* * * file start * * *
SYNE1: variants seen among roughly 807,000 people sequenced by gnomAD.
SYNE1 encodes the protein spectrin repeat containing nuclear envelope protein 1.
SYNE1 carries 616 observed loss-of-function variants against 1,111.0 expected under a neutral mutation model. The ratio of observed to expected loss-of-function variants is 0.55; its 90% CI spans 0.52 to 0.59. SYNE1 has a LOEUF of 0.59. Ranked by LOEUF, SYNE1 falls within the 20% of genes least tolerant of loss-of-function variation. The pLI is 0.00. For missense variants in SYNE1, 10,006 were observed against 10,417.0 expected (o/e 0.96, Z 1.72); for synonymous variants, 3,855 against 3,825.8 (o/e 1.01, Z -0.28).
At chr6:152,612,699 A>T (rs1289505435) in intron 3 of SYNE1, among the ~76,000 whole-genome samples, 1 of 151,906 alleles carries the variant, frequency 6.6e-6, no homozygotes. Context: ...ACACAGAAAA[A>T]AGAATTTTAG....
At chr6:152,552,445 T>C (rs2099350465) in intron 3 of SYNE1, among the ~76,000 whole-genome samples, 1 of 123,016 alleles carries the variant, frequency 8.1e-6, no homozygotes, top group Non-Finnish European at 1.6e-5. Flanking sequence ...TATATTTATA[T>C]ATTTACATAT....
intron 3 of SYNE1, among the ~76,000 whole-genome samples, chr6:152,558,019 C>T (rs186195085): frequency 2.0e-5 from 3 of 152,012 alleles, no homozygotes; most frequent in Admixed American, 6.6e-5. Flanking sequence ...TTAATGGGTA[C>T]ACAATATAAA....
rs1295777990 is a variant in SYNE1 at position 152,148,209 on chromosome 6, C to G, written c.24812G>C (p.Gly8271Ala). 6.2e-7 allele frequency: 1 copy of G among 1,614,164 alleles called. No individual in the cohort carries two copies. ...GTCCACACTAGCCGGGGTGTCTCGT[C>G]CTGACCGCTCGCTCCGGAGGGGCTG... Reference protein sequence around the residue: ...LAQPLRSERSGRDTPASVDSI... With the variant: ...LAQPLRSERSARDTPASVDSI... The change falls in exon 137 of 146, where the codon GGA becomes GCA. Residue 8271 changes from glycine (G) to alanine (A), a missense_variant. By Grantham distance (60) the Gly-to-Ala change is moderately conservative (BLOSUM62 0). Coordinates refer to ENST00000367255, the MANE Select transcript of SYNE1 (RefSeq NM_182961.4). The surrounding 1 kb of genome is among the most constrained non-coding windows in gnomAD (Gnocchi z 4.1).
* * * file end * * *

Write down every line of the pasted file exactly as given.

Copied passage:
SYNE1: variants seen among roughly 807,000 people sequenced by gnomAD.
SYNE1 encodes the protein spectrin repeat containing nuclear envelope protein 1.
SYNE1 carries 616 observed loss-of-function variants against 1,111.0 expected under a neutral mutation model. The ratio of observed to expected loss-of-function variants is 0.55; its 90% CI spans 0.52 to 0.59. SYNE1 has a LOEUF of 0.59. Ranked by LOEUF, SYNE1 falls within the 20% of genes least tolerant of loss-of-function variation. The pLI is 0.00. For missense variants in SYNE1, 10,006 were observed against 10,417.0 expected (o/e 0.96, Z 1.72); for synonymous variants, 3,855 against 3,825.8 (o/e 1.01, Z -0.28).
At chr6:152,612,699 A>T (rs1289505435) in intron 3 of SYNE1, among the ~76,000 whole-genome samples, 1 of 151,906 alleles carries the variant, frequency 6.6e-6, no homozygotes. Context: ...ACACAGAAAA[A>T]AGAATTTTAG....
At chr6:152,552,445 T>C (rs2099350465) in intron 3 of SYNE1, among the ~76,000 whole-genome samples, 1 of 123,016 alleles carries the variant, frequency 8.1e-6, no homozygotes, top group Non-Finnish European at 1.6e-5. Flanking sequence ...TATATTTATA[T>C]ATTTACATAT....
intron 3 of SYNE1, among the ~76,000 whole-genome samples, chr6:152,558,019 C>T (rs186195085): frequency 2.0e-5 from 3 of 152,012 alleles, no homozygotes; most frequent in Admixed American, 6.6e-5. Flanking sequence ...TTAATGGGTA[C>T]ACAATATAAA....
rs1295777990 is a variant in SYNE1 at position 152,148,209 on chromosome 6, C to G, written c.24812G>C (p.Gly8271Ala). 6.2e-7 allele frequency: 1 copy of G among 1,614,164 alleles called. No individual in the cohort carries two copies. ...GTCCACACTAGCCGGGGTGTCTCGT[C>G]CTGACCGCTCGCTCCGGAGGGGCTG... Reference protein sequence around the residue: ...LAQPLRSERSGRDTPASVDSI... With the variant: ...LAQPLRSERSARDTPASVDSI... The change falls in exon 137 of 146, where the codon GGA becomes GCA. Residue 8271 changes from glycine (G) to alanine (A), a missense_variant. By Grantham distance (60) the Gly-to-Ala change is moderately conservative (BLOSUM62 0). Coordinates refer to ENST00000367255, the MANE Select transcript of SYNE1 (RefSeq NM_182961.4). The surrounding 1 kb of genome is among the most constrained non-coding windows in gnomAD (Gnocchi z 4.1).